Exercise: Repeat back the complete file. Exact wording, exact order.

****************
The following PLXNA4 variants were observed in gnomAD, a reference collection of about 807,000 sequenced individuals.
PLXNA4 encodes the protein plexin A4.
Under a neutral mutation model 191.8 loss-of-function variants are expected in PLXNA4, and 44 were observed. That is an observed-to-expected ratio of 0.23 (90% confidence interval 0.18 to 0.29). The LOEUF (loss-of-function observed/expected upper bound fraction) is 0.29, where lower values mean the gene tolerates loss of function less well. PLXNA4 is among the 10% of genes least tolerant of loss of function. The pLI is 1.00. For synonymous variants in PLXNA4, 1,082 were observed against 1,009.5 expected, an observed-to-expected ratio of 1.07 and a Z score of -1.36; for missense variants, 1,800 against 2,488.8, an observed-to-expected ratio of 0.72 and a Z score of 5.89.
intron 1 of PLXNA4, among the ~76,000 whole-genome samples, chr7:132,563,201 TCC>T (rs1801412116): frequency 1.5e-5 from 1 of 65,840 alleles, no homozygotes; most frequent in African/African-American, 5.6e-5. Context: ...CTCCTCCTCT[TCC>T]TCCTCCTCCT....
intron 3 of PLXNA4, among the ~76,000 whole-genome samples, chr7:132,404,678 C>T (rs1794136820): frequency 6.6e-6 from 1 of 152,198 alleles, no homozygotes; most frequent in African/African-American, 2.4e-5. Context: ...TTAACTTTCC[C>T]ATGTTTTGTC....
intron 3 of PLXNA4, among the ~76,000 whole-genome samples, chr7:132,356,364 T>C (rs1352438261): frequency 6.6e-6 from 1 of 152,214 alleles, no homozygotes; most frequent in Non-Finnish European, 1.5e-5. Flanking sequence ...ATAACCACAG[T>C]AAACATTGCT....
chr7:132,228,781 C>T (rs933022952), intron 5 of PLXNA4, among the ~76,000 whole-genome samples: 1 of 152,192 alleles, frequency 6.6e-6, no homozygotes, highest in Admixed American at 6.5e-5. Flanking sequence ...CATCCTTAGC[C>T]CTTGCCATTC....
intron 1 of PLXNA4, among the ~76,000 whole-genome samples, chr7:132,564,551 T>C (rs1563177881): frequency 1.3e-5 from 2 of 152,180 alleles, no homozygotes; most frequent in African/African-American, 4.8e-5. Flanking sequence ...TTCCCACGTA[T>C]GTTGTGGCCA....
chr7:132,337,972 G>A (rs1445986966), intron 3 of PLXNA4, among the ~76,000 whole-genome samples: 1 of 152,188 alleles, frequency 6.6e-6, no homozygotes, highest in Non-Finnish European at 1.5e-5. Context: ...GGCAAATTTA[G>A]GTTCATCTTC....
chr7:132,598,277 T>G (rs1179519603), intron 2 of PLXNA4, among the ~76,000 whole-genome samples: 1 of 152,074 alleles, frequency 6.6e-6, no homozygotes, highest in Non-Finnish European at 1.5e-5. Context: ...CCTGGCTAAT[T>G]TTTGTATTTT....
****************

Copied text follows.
The following PLXNA4 variants were observed in gnomAD, a reference collection of about 807,000 sequenced individuals.
PLXNA4 encodes the protein plexin A4.
Under a neutral mutation model 191.8 loss-of-function variants are expected in PLXNA4, and 44 were observed. That is an observed-to-expected ratio of 0.23 (90% confidence interval 0.18 to 0.29). The LOEUF (loss-of-function observed/expected upper bound fraction) is 0.29, where lower values mean the gene tolerates loss of function less well. PLXNA4 is among the 10% of genes least tolerant of loss of function. The pLI is 1.00. For synonymous variants in PLXNA4, 1,082 were observed against 1,009.5 expected, an observed-to-expected ratio of 1.07 and a Z score of -1.36; for missense variants, 1,800 against 2,488.8, an observed-to-expected ratio of 0.72 and a Z score of 5.89.
intron 1 of PLXNA4, among the ~76,000 whole-genome samples, chr7:132,563,201 TCC>T (rs1801412116): frequency 1.5e-5 from 1 of 65,840 alleles, no homozygotes; most frequent in African/African-American, 5.6e-5. Context: ...CTCCTCCTCT[TCC>T]TCCTCCTCCT....
intron 3 of PLXNA4, among the ~76,000 whole-genome samples, chr7:132,404,678 C>T (rs1794136820): frequency 6.6e-6 from 1 of 152,198 alleles, no homozygotes; most frequent in African/African-American, 2.4e-5. Context: ...TTAACTTTCC[C>T]ATGTTTTGTC....
intron 3 of PLXNA4, among the ~76,000 whole-genome samples, chr7:132,356,364 T>C (rs1352438261): frequency 6.6e-6 from 1 of 152,214 alleles, no homozygotes; most frequent in Non-Finnish European, 1.5e-5. Flanking sequence ...ATAACCACAG[T>C]AAACATTGCT....
chr7:132,228,781 C>T (rs933022952), intron 5 of PLXNA4, among the ~76,000 whole-genome samples: 1 of 152,192 alleles, frequency 6.6e-6, no homozygotes, highest in Admixed American at 6.5e-5. Flanking sequence ...CATCCTTAGC[C>T]CTTGCCATTC....
intron 1 of PLXNA4, among the ~76,000 whole-genome samples, chr7:132,564,551 T>C (rs1563177881): frequency 1.3e-5 from 2 of 152,180 alleles, no homozygotes; most frequent in African/African-American, 4.8e-5. Flanking sequence ...TTCCCACGTA[T>C]GTTGTGGCCA....
chr7:132,337,972 G>A (rs1445986966), intron 3 of PLXNA4, among the ~76,000 whole-genome samples: 1 of 152,188 alleles, frequency 6.6e-6, no homozygotes, highest in Non-Finnish European at 1.5e-5. Context: ...GGCAAATTTA[G>A]GTTCATCTTC....
chr7:132,598,277 T>G (rs1179519603), intron 2 of PLXNA4, among the ~76,000 whole-genome samples: 1 of 152,074 alleles, frequency 6.6e-6, no homozygotes, highest in Non-Finnish European at 1.5e-5. Context: ...CCTGGCTAAT[T>G]TTTGTATTTT....